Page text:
"DO YOU BELIEVE IN MAGIC?"

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Old Magic - Lives of The Desert Shamans  - Nicholas Clapp (Sunbelt Publications, Inc., 2015-209 pages).

Book Review by Jacqueline Carr

February 17, 2015 (San Diego's East County) - The title of this book piqued my interest.  I was engaged from the start and wanted to know who the Shamans were and what sort of magic they performed.  I immediately looked up the meaning of the word Shaman, and in accordance with the Oxford English Dictionary - a Shaman, is a priest or priest-doctor among various northern people of Asia—applied by extension to similar personages in other parts, esp. a medicine-man of some of the north-western American Indians.

Old Magic - Lives of The Desert Shamans, is a well researched, well written social science, anthropological and historical book.  It tells the story of the lives of the desert Shamans, their culture, their beliefs in the spirits, their customs, their traditions, and how Shamans exercised their powers for both good and evil.

After reading this book I came away with the understanding that the Shamans were a complex group of Native Americans who stuck to their customs, who loved painting on rocks, and showcasing their arts wherever it can be etched. 

The book is fraught with pictures of various types of rock art, or petroglyps (rock etchings) it also has geolyph or rock-scrape.

The picture above represents one of the rock art examples found in the book.  In this one you can see the etching of  some type of  an animal and what appears to be etchings of craft.  The picture below is of a boulder at McCoy Springs in the southern Mojave - it’s part snake and part man.

In Old Magic Lives of the Desert Shamans, Nicholas Clapp tells the story of creation from the vantage point of the Shamans and the Kumeyaay Indians.  In the story about creation, he writes"There was no earth or sky, no one, nothing but darkness.  But then the darkness stirred.  It was alive! And it mumbled , with eerie sounds, as if risen from the throats of faraway singers.  From time to time, lighting, or something like lightning, would flash, and glisten on the strands of what appeared to be a spider web, and in it, two very large eggs.  They hatched, and two boys emerged, first Mukat, and then his twin Tamaioit."

The story of Mukat explains creation, the time of the Black Sun (Of Darkness, Then Light). It speaks to Life's beginning, and it's end.  The author’s use of  personification is stunningly profound, he writes  "darkness stirred - it was alive".  His usage of words captured my attention and made me yearn to read further. It gave me a better understanding of the narrative.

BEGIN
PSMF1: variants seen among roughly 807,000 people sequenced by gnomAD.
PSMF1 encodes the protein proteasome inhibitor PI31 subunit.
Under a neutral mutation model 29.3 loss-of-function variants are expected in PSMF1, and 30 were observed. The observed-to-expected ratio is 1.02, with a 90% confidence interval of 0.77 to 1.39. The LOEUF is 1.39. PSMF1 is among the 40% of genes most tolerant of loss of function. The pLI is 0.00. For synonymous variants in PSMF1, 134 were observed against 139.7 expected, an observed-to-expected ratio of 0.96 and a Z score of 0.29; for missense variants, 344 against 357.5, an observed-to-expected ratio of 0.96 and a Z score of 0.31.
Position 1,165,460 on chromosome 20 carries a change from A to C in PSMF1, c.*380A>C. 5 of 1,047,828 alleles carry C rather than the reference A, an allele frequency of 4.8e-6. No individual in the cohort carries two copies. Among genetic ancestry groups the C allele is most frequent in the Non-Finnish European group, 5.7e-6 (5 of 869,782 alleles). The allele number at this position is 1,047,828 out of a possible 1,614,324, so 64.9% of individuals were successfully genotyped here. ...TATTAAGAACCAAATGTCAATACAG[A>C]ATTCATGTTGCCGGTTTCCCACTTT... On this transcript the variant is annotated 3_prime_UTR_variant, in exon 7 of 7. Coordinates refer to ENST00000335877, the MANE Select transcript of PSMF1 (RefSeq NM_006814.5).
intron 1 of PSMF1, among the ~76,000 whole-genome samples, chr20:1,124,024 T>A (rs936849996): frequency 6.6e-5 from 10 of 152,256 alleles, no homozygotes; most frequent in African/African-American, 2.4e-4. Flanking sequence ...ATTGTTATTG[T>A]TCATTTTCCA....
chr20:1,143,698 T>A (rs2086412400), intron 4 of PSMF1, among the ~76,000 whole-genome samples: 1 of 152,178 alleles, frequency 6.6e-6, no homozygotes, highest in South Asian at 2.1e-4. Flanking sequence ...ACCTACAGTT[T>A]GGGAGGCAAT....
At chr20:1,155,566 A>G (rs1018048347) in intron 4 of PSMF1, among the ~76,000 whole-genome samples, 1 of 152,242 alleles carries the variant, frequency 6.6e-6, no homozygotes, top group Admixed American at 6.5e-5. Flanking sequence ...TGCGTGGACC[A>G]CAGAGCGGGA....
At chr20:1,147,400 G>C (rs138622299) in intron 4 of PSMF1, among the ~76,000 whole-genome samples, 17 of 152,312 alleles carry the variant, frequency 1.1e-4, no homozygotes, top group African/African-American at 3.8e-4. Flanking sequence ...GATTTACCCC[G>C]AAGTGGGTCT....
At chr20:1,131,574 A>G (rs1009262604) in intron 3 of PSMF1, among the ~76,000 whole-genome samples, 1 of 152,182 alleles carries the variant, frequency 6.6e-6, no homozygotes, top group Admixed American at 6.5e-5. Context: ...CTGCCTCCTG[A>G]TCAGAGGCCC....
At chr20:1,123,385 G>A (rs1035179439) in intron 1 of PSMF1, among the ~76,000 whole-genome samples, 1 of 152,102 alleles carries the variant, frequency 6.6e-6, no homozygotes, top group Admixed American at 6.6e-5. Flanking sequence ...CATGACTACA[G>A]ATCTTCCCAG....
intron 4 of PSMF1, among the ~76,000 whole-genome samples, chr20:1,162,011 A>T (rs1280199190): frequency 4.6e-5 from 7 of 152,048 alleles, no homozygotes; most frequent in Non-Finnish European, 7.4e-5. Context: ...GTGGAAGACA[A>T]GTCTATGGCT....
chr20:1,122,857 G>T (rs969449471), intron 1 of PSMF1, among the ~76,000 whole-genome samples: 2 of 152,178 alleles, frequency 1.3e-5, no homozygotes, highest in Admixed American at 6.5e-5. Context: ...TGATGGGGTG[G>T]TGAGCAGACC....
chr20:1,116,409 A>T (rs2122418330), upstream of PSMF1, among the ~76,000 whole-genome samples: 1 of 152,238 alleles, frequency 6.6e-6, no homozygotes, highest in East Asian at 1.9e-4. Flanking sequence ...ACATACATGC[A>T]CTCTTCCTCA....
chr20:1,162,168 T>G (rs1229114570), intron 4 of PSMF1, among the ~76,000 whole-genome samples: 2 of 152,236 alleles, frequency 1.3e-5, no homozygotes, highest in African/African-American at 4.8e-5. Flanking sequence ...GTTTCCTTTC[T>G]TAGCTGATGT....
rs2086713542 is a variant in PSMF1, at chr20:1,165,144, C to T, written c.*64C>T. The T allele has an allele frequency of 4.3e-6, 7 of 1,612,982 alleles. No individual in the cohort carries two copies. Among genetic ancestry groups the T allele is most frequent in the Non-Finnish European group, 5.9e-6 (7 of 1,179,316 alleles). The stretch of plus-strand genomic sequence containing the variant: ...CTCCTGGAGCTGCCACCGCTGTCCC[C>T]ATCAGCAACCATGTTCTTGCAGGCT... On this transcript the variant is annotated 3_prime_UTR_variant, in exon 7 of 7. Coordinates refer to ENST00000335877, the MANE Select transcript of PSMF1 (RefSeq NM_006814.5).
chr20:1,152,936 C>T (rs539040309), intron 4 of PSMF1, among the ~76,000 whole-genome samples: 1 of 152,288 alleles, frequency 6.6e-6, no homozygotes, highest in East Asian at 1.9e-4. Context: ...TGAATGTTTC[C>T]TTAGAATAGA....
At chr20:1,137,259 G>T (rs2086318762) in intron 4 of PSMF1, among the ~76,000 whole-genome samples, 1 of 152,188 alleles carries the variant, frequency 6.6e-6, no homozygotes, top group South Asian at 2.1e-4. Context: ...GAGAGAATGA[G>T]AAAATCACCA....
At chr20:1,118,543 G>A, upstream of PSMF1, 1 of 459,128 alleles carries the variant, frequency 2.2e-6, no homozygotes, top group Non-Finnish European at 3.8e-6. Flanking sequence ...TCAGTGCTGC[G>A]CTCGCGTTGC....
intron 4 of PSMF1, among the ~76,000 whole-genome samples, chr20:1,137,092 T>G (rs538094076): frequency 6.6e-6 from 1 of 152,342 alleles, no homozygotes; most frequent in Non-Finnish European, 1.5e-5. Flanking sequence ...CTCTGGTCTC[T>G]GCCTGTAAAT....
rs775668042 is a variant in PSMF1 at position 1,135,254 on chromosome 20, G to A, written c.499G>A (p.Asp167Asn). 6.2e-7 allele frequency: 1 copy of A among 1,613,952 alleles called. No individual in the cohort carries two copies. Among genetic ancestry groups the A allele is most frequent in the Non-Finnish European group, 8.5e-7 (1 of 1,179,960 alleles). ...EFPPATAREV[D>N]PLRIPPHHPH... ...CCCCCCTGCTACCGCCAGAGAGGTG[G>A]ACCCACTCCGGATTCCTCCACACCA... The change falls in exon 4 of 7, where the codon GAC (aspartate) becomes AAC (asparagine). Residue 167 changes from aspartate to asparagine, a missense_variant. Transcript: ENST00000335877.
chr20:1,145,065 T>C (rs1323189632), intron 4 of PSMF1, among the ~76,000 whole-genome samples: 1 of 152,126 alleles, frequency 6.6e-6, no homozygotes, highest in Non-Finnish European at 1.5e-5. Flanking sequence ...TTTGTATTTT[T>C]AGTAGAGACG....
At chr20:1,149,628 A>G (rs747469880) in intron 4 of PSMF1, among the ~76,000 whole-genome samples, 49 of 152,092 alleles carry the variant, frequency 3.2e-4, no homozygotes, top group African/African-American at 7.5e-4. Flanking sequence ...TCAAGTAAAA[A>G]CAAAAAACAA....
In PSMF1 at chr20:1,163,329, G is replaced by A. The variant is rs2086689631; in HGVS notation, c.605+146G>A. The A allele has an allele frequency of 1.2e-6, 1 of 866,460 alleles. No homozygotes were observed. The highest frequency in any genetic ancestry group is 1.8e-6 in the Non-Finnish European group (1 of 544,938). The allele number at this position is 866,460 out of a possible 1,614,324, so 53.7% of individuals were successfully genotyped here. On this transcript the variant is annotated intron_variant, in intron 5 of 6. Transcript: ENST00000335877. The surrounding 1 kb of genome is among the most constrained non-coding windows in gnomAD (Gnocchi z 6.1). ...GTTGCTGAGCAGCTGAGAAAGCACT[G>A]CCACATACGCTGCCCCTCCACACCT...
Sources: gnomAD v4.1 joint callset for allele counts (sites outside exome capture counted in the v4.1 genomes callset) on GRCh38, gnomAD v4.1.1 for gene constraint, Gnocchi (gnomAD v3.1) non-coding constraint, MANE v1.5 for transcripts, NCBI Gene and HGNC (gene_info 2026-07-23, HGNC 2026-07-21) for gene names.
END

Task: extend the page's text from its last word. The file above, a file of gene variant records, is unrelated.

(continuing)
Mr. Clapp is very descriptive when he writes about certain customs of the Shamans.  For example, in explaining the ritual of boy's initiation, he is quite detailed, and well researched. He writes, …"the boys were confined and prepared for the initiation, they knelt before a mortar and drank the portion of the kikisulem - the dry root was powerful, potent and fast acting,  the initiates staggered one by one  and crumpled to the ground, foamed at the mouth, might murmur or shriek as animals which was a good sign because an animal spirit helper was mighty. The author continues by stating that the boys will sink into a stupor, it was believed, in which they would glimpse what the future had for them and they will become men."  Wow! what a vivid description; one can actually visualize certain aspects of the initiation.

This form of ritual may seem harsh to some, however, this was the norm, which was quite acceptable and welcoming in the Desert Cahuilla ceremonials.

Old Magic - Lives of The Desert Shamans is not only a well researched historical and social science lesson, but it's also a treasure chess for anthropologist, archaeologists, and for people who are interested and fascinated by the desert, canyons, rocks, rock art, and lastly The lives of Desert Shamans of the far west, their overall history, notwithstanding their cultural as well as their spiritual beliefs.

This book  is a valuable source of reference material for Social Science as well as Native American Studies.  Nicholas Clapp gives his readers a very detailed and comprehensive study of the lives of the Desert Shamans. He did so in a sequential and factual manner. I thought the visuals of rock art, the mountains, deserts, sunsets etc. were quite appealing, and the photography was both awesome and superb.

I enjoyed reading Old Magic - Lives of The Desert Shamans.  It’s a book that should be in every school's library, and should be required reading for high school Social Studies students.  The Lives of The Desert Shamans is a history lesson that needs to be told and we all need to hear it.

Jacqueline Carr is the author of "A Selected Few Just For You" and she is an Adjunct Instructor at York College (CUNY). She is also a Certified Paralegal.